Updated form 8:56 a.m. EST
caught a bid Wednesday after the electronics retailer's third-quarter results beat estimates. Strong fourth-quarter guidance set it up as a solid holiday performer.
The Minnesota-based company posted net income for the quarter up 22% to $148 million, or 45 cents a share, compared with $122 million, or 37 cents a share, a year ago. The results beat Wall Street's consensus estimate by a penny.
For the fourth quarter, Best Buy anticipates EPS of $1.56 to $1.66, up from $1.42 in the same quarter last year. Analysts expect $1.62, according to Thomson First Call. Its shares were recently up $2.80, or 5%, to $58.84.
"We plan to maintain our market share and drive bottom-line profits in the fourth quarter, which is shaping up to be more promotional than last year," the company said.
The discounting that has wreaked havoc on recent sales results across the retail spectrum caused a decline in Best Buy's gross margins, but that was more than offset by an increase in average ticket sales and a 30-basis-point drop in the company's selling costs. The company attributed this to recent infrastructure initiatives like outsourcing and investments in distribution systems.
Rick Weinhart, a retail analyst with Harris Nesbitt, said he was mainly encouraged that Best Buy left its sales targets intact going into a holiday season that has been widely viewed as disappointing, forecasting a same-store sales gain of 3% to 5% for December.
"Today's results bolster the viewpoint that they're such a well-run company and there hasn't been a tremendous loss in momentum, except a little bit on the sales line that is macro-related," Weinhart said (he does not own a position in Best Buy, and his firm has no banking relationship with the company).
In a season marked by weakness in apparel-spending and a lack of hot new items, consumer electronics remains a focus for spending. Craig Johnson, president of Customer Growth Partners, said Best Buy sits at the nexus of two big trends in retailing.
"People are moving to consumer durable products that have something of an investment value oriented towards their home," he said, That's boosting sales for digital televisions and other electronics products. "Also, within the recreation arena, anything associated with entertainment keeps rising as a share of discretionary spending.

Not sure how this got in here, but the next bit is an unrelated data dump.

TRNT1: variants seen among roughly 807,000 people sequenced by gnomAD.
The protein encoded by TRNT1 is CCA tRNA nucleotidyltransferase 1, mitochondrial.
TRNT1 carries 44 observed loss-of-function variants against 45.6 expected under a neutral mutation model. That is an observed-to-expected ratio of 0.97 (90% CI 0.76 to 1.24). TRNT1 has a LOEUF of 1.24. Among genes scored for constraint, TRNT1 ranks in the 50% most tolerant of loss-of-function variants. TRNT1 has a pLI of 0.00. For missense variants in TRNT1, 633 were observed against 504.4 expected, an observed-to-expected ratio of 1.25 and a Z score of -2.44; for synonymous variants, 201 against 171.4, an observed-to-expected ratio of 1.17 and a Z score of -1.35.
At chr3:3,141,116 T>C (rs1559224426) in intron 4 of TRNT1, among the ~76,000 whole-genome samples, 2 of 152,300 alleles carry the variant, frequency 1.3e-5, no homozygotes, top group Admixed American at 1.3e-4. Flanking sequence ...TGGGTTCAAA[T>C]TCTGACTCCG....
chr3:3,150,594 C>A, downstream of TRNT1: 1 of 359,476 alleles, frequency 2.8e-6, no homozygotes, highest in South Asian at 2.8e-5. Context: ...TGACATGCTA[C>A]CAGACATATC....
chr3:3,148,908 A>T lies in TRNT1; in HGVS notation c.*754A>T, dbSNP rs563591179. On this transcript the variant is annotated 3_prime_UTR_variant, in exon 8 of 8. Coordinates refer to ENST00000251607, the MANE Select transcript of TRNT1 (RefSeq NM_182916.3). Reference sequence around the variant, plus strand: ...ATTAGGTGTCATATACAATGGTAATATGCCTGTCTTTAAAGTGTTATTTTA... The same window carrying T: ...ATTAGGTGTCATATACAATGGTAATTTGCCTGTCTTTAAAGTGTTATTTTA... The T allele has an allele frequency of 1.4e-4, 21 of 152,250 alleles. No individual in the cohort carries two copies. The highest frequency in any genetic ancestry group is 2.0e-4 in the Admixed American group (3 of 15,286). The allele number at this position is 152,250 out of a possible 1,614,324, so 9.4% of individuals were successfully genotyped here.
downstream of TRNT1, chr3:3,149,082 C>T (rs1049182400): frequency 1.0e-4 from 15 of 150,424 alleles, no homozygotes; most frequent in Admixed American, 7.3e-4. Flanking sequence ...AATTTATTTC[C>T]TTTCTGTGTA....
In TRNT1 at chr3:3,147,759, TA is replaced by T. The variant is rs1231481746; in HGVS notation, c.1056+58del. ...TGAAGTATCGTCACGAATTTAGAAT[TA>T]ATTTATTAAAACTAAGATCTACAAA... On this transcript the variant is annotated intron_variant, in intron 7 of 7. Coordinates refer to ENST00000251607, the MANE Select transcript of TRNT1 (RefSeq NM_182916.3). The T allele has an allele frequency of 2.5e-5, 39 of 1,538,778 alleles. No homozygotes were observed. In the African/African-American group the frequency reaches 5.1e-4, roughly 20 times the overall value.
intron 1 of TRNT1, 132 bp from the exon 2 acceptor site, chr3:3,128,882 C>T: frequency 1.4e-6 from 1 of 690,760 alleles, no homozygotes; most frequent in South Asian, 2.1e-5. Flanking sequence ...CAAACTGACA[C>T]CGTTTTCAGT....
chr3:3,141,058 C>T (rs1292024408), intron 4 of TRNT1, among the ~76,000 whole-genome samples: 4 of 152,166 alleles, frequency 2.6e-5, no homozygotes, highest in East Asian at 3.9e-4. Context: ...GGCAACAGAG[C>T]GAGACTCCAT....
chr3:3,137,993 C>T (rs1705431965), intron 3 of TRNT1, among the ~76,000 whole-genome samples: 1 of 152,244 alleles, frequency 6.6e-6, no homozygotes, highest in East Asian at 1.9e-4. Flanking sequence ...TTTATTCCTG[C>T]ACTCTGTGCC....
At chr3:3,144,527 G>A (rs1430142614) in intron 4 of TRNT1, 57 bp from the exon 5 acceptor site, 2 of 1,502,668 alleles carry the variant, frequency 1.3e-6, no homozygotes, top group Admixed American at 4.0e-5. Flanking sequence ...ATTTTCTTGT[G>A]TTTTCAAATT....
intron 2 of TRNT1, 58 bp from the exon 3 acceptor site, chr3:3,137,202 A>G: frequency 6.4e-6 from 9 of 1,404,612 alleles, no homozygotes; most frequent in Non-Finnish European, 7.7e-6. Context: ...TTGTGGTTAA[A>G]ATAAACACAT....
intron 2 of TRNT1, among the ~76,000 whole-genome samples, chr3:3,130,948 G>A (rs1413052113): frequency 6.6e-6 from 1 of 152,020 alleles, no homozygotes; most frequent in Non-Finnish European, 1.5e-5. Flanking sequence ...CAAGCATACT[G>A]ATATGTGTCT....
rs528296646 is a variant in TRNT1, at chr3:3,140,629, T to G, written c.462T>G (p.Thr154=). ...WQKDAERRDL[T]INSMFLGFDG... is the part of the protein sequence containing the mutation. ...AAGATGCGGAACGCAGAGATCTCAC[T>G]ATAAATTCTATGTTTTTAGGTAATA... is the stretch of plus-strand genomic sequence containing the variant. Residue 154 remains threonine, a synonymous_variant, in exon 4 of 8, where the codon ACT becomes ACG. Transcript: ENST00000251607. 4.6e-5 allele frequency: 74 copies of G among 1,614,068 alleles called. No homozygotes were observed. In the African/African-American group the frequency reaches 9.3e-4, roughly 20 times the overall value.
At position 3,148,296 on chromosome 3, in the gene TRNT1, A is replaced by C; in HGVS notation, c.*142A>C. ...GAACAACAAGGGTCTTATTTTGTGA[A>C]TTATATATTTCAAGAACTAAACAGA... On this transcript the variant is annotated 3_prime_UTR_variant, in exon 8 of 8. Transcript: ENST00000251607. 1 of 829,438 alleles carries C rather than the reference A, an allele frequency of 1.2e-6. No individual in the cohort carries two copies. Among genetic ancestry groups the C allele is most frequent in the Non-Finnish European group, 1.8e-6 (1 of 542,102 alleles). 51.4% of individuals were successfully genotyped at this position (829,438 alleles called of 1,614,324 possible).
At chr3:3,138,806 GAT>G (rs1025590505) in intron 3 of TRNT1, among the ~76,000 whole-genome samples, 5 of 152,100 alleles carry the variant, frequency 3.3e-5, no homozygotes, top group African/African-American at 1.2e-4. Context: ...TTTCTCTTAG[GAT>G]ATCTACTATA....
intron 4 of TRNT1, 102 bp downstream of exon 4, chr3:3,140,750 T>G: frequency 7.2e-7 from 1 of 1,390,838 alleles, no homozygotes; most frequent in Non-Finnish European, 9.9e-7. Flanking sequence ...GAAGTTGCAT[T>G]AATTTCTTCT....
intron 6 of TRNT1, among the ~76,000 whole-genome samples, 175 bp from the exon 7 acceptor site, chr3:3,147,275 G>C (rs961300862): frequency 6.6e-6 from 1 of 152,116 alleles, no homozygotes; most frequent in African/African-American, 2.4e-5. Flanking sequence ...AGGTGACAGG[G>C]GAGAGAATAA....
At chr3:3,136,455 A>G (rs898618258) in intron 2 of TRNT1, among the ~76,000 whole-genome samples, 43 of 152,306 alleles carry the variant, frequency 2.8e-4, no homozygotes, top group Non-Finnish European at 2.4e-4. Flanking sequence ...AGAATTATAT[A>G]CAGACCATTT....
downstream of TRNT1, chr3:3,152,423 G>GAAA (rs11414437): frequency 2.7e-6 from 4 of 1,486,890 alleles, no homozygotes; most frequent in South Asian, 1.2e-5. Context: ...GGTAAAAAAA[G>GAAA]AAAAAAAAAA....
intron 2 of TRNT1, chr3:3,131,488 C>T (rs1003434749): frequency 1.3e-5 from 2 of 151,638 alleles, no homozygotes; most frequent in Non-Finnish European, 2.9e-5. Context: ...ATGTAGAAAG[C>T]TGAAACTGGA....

"Best Buy is hitting both these trends," Johnson added. "Plus, they're a very well-run company that is not trying to be all things to all people. They're concentrated on dominating their area."
The company's revenue in the quarter ended Nov. 27 rose 20% to $6.65 billion. In a conference call with analysts following the release, management held up its same-store sales gain of 3.2% as a sign Best Buy continues to steal market share from its competitors.
same-store sales fell 4.3% in the quarter.
The company cited strength in sales of digital televisions, MP3 players, digital cameras, notebooks and appliances, while it saw softness in music and movie sales.
It expects earnings of $2.80 to $2.90 a share and revenue of $27.5 billion for 2005. The consensus estimates call for EPS of $2.94 a share on sales of $27.54 billion.
Looking forward, the company said it is working to nail down expansion plans for the Chinese market. Also, it highlighted opportunities in its service business, including its Geek Squad program that provides technicians to help customers solve technical issues.
Best Buy vice chairman Allen Lenzmeier said services could help the company differentiate itself from discounters encroaching on the electronics space, like
, and it could be a multibillion dollar opportunity for the company.
"We haven't even scratched the surface of possibilities that lie in our services business," Lenzmeier said.